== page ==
# Kinematics Practice Problems with Answers

In this article, a couple of kinematics practice problems with detailed answers are presented. The solution of each problem is itself a complete guide to applying the kinematics equations.

All these kinematics problems are easy and helpful for high school students.

You can also check these AP Physics 1 kinematics multiple-choice questions.

## Kinematics Practice Problems:

Problem (1): A car slows down its motion from 10 m/s to 6 m/s in 2 seconds under constant acceleration.
(a) What is its acceleration?
(b) How far did the car travel during this time interval?

Solution: This is the simplest kinematics problem, so we put a bit more time to solve it in detail.

Step 1: Because all these problems are in one dimension, so draw a directed horizontal axis (like the positive $x$ axis), and put the object on it, so that it moves in the correct direction.

Step 2: specify the known and wanted information. Here, in the elapsed time interval $2\,{\rm s}$, the initial and final velocities of the  car are given as $v_i=10\,{\rm m/s}$ and $v_f=6\,{\rm m/s}$. The wanted quantity is the constant acceleration of the object (car), $a=?$.

Step 3: Apply the kinematics equation which is appropriate for this situation.

(a) In this problem, we want to find the acceleration, given the time, initial and final velocities so the kinematics equation $v=v_0+at$ is perfect since the only unknown quantity is acceleration $a$. Thus, \begin{gather*} v=v_0+at\\\\ 6=10+a(2) \\\\ 6-10=2a \\\\\Rightarrow \quad a=\frac{6-10}{2}=-2\quad {\rm \frac{m}{s^2}}\end{gather*}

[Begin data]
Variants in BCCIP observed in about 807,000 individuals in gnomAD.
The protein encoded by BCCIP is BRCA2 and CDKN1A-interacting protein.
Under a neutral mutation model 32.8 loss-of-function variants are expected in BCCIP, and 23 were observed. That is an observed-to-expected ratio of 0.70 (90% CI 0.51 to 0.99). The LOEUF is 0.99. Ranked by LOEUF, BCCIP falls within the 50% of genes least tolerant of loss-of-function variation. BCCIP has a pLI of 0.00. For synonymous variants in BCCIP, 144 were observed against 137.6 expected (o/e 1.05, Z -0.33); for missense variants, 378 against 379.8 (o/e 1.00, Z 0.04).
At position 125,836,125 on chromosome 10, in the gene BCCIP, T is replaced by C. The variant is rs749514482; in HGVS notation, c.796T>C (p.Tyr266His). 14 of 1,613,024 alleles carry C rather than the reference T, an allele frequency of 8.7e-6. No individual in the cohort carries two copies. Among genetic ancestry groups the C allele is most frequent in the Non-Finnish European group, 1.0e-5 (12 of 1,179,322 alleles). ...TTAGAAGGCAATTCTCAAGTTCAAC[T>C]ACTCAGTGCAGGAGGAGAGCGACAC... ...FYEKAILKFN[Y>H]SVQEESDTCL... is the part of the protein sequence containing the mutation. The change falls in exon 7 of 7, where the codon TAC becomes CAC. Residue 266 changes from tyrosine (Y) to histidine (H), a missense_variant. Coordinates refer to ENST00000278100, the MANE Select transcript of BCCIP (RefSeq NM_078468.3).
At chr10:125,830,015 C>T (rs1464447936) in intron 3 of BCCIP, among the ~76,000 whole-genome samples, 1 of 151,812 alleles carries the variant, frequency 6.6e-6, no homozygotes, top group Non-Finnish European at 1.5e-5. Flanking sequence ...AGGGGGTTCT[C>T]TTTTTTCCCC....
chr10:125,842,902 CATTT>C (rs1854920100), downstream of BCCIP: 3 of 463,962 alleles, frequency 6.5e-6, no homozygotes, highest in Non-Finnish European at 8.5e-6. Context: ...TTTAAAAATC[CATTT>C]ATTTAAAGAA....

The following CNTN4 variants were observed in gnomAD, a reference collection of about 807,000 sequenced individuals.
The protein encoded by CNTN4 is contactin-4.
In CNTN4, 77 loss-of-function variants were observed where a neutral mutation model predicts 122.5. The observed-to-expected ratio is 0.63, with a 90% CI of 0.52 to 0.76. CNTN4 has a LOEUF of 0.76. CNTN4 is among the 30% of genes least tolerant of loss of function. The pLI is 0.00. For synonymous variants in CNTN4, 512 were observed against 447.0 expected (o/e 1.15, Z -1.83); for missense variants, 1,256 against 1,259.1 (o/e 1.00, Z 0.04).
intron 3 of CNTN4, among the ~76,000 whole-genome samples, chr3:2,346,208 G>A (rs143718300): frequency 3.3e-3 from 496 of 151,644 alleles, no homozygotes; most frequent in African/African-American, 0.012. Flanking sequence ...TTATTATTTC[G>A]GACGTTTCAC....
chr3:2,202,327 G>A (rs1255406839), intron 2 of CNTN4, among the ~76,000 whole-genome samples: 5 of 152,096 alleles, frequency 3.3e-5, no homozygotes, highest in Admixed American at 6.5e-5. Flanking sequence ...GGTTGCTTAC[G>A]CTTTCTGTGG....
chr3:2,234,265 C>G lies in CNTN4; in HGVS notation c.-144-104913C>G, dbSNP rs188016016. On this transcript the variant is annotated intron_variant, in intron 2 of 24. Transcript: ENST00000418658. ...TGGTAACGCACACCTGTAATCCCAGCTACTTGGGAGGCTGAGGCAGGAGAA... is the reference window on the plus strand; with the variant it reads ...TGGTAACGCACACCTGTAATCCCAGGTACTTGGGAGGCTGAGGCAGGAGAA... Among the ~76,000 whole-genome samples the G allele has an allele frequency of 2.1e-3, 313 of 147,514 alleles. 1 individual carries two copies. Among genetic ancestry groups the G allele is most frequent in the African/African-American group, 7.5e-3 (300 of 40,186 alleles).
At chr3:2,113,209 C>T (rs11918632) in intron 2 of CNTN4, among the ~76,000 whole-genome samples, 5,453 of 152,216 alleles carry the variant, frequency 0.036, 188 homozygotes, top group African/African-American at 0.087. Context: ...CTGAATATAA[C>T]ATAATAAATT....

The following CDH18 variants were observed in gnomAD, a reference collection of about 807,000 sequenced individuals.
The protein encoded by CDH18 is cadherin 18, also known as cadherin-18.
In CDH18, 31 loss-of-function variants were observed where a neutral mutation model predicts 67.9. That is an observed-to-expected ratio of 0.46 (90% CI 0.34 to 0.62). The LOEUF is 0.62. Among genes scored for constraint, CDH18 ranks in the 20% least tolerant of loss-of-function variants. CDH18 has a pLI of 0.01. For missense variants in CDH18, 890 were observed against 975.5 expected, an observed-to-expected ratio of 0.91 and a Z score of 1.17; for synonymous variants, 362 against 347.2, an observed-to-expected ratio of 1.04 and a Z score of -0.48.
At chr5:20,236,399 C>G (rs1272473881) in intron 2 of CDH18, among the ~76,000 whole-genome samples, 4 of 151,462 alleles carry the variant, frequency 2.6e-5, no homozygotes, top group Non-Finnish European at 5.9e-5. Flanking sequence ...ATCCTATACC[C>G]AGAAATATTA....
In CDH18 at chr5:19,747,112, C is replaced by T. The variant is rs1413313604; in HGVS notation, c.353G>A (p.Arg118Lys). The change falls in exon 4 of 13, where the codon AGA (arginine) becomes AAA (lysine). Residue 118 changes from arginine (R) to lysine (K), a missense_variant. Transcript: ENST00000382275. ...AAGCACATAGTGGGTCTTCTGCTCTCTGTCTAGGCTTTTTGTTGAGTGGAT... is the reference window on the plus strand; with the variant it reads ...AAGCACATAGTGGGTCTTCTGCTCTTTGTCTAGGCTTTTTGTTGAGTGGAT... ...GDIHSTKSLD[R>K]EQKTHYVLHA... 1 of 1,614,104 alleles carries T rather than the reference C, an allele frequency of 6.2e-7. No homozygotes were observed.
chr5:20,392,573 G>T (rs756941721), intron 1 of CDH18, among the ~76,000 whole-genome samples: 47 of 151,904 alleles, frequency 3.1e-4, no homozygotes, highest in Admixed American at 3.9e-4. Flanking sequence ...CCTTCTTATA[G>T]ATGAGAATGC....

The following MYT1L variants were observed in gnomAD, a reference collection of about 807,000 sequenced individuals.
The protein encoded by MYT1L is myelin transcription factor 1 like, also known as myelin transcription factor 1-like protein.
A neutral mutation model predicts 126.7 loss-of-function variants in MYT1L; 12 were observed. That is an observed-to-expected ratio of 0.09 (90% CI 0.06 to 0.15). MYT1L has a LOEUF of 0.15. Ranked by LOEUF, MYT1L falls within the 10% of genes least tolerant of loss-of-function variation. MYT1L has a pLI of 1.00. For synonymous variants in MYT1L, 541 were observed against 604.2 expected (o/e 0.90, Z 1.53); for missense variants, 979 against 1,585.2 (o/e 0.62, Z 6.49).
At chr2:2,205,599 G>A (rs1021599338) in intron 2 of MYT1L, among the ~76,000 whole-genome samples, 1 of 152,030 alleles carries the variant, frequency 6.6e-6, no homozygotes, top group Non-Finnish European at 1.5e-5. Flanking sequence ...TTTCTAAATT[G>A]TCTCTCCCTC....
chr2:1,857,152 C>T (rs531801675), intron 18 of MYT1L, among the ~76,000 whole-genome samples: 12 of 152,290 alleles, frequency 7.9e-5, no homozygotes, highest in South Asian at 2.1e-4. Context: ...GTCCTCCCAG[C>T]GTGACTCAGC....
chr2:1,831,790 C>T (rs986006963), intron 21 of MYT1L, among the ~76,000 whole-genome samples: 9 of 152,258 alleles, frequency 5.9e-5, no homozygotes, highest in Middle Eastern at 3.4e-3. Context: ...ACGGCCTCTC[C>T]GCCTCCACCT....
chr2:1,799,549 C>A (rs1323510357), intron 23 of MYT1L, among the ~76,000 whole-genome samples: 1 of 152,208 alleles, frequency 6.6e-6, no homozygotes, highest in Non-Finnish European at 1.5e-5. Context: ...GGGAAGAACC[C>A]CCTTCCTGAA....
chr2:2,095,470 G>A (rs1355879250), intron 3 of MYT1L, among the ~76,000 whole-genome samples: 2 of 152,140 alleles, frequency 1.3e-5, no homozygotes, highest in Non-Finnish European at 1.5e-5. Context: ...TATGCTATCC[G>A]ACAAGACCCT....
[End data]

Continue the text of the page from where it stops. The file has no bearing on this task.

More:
Note that because the problem is said the acceleration of the motion is constant so we could use the constant acceleration kinematics equations.

The negative indicates the direction of the acceleration which is, here, toward the negative $x$ axis.

(b) "How far did'' mean the distance traveled by car is wanted, denoted by $x$ in the kinematics equations.

Here, the best equation which relates the known and unknown information is $x=\frac 12 at^2+v_0t$ or $v^2-v_0^2=2ax$. We choose the first, so \begin{align*} x&=\frac 12 at^2+v_0t \\\\&=\frac 12 (-2)(2)^2+(10)(2) \\\\&=16\quad {\rm m}\end{align*}

More related Problems:

Velocity and acceleration problems

Problem (2): A moving object slows down its motion from $12\,{\rm m/s}$ to rest at a distance of 20 m. Find the acceleration of the object (assumed constant).

Solution: In the diagram below, all known information along with the direction of the uniform motion are shown.

As you can see, one of the common phrases in kinematics problems is "ending or coming to a rest'', which means the final velocity of the object in that time interval ( which we look at the object's motion) is zero, $v_f=0$.

The perfect kinematics equation that solves this problem is $v^2-v_0^2=2a(x-x_0)$ as the only unknown quantity is acceleration $a$.

Keep in mind that in all kinematics equation problems, we can set the initial position of the motion $x_0$ as zero for simplicity, $x_0=0$.
\begin{gather*} v^2-v_0^2=2ax\\\\0^2-(12)^2 =2a(20) \\\\ \rightarrow a=\frac{-144}{2\times 20}\\\\\Rightarrow a=-7.2\quad {\rm \frac{m}{s^2}}\end{gather*} As before, the minus signs indicates the direction of the acceleration which is toward the left.

Problem (3): A bullet leaves the muzzle of an 84-cm-rifle with a speed of 521 m/s. Find the magnitude of the bullet's acceleration by assuming it is constant inside the barrel of the rifle.